By K.J. Parker



350pp/$15.99/April 2019

Sixteen Ways to Defend a Walled City
Cover by Lauren Panepinto

Reviewed by Steven H Silver

K.J. Parker opens a new trilogy with Sixteen Ways to Defend a Walled City, a title which would seem more appropriate for one of the novels published under his Tom Holt byline. The narrator and protagonist is Colonel Orhan, a member of a subjugated race serving in the Imperial army as the head of an engineering company. Orhan has all the competencies he needs to be successful in his life and only tangentially considers himself part of the military. On top of that, he has more than a fair amount of larceny in his heart. His goals in life include building things and being left to his own devices. When he comes across the slaughtered remains of the army that garrisoned the Imperial capital, though, his life took a major turn.

Leading his men into the besieged city, Orhan uses his knowledge of construction to help shore up the city's defenses. Upon his discovery that the aging emperor is also ailing following the loss of his heirs, Orhan grabs the imperial seal and seizes command of the city, despite being part of an ethnic group that is generally looked down upon by the Imperial citizens. Using all the resources of the city and helping to forge a temporary and uneasy alliance between factions, Orhan works to increase the amount of time before the besieging army will ultimately break through the walls and murder everyone within. It takes all of his charisma, friendships, and ability as a con man to hold everything together, along with an amazing amount of luck and coincidence.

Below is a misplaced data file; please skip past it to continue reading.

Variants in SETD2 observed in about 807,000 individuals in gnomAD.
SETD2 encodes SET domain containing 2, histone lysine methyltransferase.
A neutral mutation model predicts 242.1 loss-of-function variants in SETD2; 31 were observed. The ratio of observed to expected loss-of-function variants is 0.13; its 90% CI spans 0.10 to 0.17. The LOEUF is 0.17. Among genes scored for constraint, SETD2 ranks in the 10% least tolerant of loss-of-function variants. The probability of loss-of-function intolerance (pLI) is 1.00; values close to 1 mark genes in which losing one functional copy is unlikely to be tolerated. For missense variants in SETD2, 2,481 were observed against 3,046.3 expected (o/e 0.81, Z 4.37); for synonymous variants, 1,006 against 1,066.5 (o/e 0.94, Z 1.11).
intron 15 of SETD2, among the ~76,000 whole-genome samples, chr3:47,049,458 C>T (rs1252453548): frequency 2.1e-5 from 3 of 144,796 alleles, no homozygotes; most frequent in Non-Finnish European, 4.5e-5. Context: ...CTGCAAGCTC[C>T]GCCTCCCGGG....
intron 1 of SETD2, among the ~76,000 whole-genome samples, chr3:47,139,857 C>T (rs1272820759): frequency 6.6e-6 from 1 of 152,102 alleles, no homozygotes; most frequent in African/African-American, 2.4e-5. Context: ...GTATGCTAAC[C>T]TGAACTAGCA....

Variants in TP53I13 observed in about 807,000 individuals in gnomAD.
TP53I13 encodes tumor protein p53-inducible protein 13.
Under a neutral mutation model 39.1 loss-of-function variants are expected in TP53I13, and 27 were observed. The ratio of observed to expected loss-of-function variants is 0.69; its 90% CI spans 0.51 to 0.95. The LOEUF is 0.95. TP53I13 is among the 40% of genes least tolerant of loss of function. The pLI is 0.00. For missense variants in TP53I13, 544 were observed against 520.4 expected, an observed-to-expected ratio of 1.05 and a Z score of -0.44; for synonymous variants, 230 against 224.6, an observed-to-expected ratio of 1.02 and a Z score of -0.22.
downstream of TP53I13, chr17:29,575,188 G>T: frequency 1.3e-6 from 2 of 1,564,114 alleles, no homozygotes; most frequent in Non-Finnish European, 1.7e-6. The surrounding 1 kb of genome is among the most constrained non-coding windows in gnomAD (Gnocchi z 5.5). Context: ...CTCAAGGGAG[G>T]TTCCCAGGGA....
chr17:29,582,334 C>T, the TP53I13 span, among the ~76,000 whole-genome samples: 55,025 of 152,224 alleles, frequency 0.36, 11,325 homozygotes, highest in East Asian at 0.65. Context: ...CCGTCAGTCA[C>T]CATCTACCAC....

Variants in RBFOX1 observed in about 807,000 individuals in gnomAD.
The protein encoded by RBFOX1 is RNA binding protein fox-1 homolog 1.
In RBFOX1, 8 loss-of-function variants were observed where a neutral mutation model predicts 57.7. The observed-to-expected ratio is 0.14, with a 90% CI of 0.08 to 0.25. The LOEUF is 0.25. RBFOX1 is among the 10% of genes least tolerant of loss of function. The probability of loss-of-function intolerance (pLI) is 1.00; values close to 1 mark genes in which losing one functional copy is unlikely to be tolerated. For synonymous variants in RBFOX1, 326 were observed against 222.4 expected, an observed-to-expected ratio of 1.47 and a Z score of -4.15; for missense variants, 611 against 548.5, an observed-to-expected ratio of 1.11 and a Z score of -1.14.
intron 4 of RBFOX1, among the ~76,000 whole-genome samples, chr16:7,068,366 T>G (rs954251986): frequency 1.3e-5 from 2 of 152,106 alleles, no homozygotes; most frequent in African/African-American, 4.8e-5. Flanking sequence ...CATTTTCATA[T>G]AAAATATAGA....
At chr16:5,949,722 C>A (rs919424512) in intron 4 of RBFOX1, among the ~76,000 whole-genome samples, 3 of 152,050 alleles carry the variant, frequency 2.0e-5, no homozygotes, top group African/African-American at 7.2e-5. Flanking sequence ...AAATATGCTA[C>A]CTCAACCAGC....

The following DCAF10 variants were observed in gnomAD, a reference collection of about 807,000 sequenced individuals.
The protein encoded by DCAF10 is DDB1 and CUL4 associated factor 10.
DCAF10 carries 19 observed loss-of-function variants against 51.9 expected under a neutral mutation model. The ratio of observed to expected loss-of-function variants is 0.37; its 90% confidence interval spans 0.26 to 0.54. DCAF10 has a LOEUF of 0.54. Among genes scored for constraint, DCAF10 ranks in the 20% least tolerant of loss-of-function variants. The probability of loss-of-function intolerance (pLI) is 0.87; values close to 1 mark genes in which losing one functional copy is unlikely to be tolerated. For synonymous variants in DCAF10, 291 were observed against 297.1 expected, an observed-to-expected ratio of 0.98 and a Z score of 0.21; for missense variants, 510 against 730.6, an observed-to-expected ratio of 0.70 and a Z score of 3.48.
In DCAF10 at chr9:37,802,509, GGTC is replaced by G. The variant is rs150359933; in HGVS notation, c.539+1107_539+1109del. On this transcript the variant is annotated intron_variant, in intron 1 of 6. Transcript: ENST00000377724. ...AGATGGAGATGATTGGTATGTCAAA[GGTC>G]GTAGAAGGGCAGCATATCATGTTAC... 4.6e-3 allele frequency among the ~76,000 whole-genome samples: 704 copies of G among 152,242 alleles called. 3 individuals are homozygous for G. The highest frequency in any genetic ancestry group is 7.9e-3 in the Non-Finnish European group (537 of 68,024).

The city and empire that Orhan must save appears to be based on a mix of Rome and Constantinople, with a religion that takes aspects of Christianity, but certainly isn't (at one point, Orhan discusses a failed sect that is clearly Christianity). As in Constantinople, social life in the capital is built around support of one of two Themes who fight in the arenas and provide social support for their fans/members throughout the city. Holding a place similar to organized crime as well, Orhan makes use of them to swell the ranks of the city's defenders and ensures that he on't have to deal with internal uprisings when trying to cope with the attacking (or even waiting) army. In addition, Orhan uses the poor and the scroungers to help make the city livable during the siege.

Orhan is able to comment great loyalty, not just from the men who serve under his command, but also from the city prefect, Faustinus, who sees Orhan's competence and realizes he is the city's best hope, from Sawdust, a female carpenter who is every bit as capable in her craft as Orhan is in his, and Aichma, the daughter of an old friend and tavern owner who Orhan feels a sense of responsibility for. These friends come together, some more grudgingly than others, to help provide Orhan with what he needs to save the city.

Although written in a breezy and lighthearted first person, Sixteen Ways to Defend a Walled City is a more serious fantasy novel that the Holt books. Any humor in it arises naturally from the characters with a strong focus on what Orhan must do to save the city. Parker raises the question of loyalty, both to and from Orhan, repeatedly examining who, or what, Orhan feels loyal to when he is given the chance to rescue himself and his friends at the expense of the empire that has done so much to him. Furthermore, a two page afterward causes the reader to completely rethink the entire novel as Parker sets up for the second book in the series to be very different in nature.

Sixteen Ways to Defend a Walled City is an enjoyable and detailed look at a part of a fantasy world which often is only seen from the opposite side. If Parker ignores or downplays some of the more unsavory aspects of living in a city under siege, it goes along with the tenor of the story he is telling. In the end, when Parker sets up a potential way to tie in the first novel to the subsequent books in the series, he gives an indication that while in many ways this novel appears reasonably straight-forward, the trilogy as a whole will be a unique take on his fantasy world at war.

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